County agrees to settle with lake project contractors

Both the Grady County Board of Commissioners and the Grady County Lake Authority took action Tuesday night to settle a collection action filed against contractors and individuals involved in the wetland and stream mitigation projects related to Tired Creek Lake.
The suit was filed on behalf of the county and authority in September 2016 and this week’s action concludes the collection action, which was begun by former Grady County Commission attorney Kevin S. Cauley in 2015.
Following a brief closed door session that included the county commission and members of the lake authority with attorneys Rob Howell and Cauley, Commission Chairman Ray Prince was authorized by the county commission and the authority to execute a resolution to settle the matter as agreed to by the parties in an approximately 10-hour mediation held in Macon last Thursday.
Based on public records, the county’s total recovery in this action was $1,392,500.00. In February 2016, the county hired Howell, Cauley and attorney Laura Benz to represent the county in the collection effort at a fee of 25 percent of the total settlement.
After disbursements to the three attorneys of $112,916 each and other expenses, the county will net $1,006,626.04.
The county and lake authority were seeking to recover in excess of $6 million in damages from Kent Campbell, Eco-South Inc., Environs Design Studio LLC, Georgia Civil Inc., Steven M. Jones, Meanders River Restoration Inc., Cal Lauder and Cal-Mart Inc.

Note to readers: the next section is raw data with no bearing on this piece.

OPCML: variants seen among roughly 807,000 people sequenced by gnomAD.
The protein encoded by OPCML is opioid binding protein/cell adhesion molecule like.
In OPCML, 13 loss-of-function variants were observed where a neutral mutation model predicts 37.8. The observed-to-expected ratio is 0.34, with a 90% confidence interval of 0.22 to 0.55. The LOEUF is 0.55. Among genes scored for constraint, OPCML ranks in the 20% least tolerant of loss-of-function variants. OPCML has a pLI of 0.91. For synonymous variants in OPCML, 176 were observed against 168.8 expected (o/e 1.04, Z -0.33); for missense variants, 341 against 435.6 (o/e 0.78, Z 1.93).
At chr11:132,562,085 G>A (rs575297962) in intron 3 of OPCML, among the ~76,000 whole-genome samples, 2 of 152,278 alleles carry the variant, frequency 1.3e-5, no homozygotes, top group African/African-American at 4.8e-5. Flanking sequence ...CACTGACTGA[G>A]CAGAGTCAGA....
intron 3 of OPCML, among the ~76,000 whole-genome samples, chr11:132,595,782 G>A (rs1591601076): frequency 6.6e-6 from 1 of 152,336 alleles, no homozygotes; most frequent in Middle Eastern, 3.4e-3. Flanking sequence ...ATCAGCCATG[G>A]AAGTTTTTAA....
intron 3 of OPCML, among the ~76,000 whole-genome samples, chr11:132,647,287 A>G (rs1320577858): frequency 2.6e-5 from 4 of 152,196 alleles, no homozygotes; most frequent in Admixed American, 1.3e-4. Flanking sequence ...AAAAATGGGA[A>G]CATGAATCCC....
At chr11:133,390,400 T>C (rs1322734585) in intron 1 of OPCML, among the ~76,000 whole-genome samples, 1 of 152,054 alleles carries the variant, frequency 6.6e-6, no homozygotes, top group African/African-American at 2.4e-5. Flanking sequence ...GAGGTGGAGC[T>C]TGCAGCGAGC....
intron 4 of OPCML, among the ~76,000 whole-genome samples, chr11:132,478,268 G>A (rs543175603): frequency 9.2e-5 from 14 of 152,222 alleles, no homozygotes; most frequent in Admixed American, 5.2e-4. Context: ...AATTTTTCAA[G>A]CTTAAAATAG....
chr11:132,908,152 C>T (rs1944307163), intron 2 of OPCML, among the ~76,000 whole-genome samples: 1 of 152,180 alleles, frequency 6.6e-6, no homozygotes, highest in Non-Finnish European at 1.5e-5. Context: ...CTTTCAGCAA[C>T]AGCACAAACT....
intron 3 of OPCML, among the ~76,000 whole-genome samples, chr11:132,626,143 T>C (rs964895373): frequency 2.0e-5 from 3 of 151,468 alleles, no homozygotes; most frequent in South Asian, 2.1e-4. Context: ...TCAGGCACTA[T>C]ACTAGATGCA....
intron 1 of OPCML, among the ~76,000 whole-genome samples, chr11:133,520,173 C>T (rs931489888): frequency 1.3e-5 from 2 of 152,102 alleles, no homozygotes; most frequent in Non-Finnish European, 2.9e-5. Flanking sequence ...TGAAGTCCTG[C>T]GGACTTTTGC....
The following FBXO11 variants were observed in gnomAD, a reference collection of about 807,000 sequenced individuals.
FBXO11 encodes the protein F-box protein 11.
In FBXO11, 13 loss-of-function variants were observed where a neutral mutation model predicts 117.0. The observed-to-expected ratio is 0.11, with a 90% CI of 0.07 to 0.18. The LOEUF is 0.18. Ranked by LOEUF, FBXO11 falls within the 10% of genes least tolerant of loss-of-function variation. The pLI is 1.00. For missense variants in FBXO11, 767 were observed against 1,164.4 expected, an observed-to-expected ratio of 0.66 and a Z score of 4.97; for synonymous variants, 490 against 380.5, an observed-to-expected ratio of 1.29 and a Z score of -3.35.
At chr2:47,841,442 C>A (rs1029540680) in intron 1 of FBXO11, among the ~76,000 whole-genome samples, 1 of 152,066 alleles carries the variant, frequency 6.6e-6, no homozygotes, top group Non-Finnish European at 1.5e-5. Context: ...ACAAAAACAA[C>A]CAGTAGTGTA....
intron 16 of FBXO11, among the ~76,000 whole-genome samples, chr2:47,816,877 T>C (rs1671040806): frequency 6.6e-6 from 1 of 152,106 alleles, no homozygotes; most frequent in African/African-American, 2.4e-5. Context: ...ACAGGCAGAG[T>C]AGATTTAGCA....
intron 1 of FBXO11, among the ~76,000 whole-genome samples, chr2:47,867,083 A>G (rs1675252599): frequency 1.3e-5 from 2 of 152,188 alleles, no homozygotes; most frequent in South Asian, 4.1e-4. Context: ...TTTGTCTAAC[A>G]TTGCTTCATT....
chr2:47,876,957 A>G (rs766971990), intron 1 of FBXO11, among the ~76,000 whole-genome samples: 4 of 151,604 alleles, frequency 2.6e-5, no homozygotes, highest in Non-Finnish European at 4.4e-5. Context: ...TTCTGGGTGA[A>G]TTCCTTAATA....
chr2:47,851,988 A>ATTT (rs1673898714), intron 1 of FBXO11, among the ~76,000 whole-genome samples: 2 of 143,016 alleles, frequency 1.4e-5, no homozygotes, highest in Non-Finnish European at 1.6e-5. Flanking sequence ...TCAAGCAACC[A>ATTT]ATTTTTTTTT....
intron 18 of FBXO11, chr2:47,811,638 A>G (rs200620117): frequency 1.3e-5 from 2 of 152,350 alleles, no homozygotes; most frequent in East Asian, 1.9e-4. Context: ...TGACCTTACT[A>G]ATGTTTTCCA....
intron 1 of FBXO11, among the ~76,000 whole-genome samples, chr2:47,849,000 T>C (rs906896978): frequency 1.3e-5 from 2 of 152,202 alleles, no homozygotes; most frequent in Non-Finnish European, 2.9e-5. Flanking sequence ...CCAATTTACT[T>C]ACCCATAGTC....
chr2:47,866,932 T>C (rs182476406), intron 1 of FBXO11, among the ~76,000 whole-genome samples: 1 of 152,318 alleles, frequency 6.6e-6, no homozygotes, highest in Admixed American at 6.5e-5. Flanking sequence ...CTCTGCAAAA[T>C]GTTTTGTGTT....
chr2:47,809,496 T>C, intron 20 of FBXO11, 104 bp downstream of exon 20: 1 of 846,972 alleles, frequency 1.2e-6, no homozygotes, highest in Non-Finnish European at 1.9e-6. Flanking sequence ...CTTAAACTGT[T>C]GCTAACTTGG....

The plaintiffs claimed negligence and breach of contract related to the work on the mitigation portion of the lake project.
The mitigation plan developed by defendants Kent Campbell and Eco-South during the lake’s permitting phase was ultimately approved by the U.S. Army Corps of Engineers.
The county contracted with Campbell and Eco-South to implement the plan. Subsequently, on the recommendation of Campbell and Eco-South, the county also hired defendants Steven M. Jones and Meanders River Restoration Inc., to assist in the construction phase of the Brumbley Creek mitigation site. The county also hired defendant Cal Lauder and Cal-Mart to perform construction services on the mitigation sites.
Work on three separate perpetual easements, which were acquired by the county, known as “Brumbley Creek site,” “Old 179 site,” and “Lake Douglas site,” began in 2013.
In the suit, the plaintiffs alleged that Campbell and Eco-South oversaw the work of defendants Jones, Meanders, Lauder and/or Cal-Mart.
In December 2014, the U.S. Corps of Engineers and its Interagency Review Team completed an onsite inspection of the mitigation sites. During that inspection, Corps officials discovered multiple and “serious discrepancies” between the approved construction plans and the actual construction work completed.
As of December 2014, Campbell had become an employee of defendants Environs and Georgia Civil. Campbell and Eco-South transferred its contracts with the county to Campbell’s new employer and he continued to do work for the county.